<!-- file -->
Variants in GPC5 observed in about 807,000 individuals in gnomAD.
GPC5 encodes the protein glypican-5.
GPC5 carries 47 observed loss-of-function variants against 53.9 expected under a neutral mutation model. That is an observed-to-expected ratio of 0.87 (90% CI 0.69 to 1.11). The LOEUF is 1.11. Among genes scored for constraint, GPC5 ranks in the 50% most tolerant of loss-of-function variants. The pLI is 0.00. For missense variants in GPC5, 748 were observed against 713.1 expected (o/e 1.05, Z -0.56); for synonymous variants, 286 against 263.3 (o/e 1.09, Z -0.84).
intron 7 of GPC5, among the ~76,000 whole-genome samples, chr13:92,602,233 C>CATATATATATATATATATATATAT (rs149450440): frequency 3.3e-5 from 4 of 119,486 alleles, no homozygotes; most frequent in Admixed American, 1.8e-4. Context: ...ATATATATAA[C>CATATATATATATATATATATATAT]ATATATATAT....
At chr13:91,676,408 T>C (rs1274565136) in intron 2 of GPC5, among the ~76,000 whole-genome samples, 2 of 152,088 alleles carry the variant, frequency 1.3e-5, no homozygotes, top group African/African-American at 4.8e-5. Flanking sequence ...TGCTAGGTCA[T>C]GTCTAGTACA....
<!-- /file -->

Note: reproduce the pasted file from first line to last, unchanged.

Variants in GPC5 observed in about 807,000 individuals in gnomAD.
GPC5 encodes the protein glypican-5.
GPC5 carries 47 observed loss-of-function variants against 53.9 expected under a neutral mutation model. That is an observed-to-expected ratio of 0.87 (90% CI 0.69 to 1.11). The LOEUF is 1.11. Among genes scored for constraint, GPC5 ranks in the 50% most tolerant of loss-of-function variants. The pLI is 0.00. For missense variants in GPC5, 748 were observed against 713.1 expected (o/e 1.05, Z -0.56); for synonymous variants, 286 against 263.3 (o/e 1.09, Z -0.84).
intron 7 of GPC5, among the ~76,000 whole-genome samples, chr13:92,602,233 C>CATATATATATATATATATATATAT (rs149450440): frequency 3.3e-5 from 4 of 119,486 alleles, no homozygotes; most frequent in Admixed American, 1.8e-4. Context: ...ATATATATAA[C>CATATATATATATATATATATATAT]ATATATATAT....
At chr13:91,676,408 T>C (rs1274565136) in intron 2 of GPC5, among the ~76,000 whole-genome samples, 2 of 152,088 alleles carry the variant, frequency 1.3e-5, no homozygotes, top group African/African-American at 4.8e-5. Flanking sequence ...TGCTAGGTCA[T>C]GTCTAGTACA....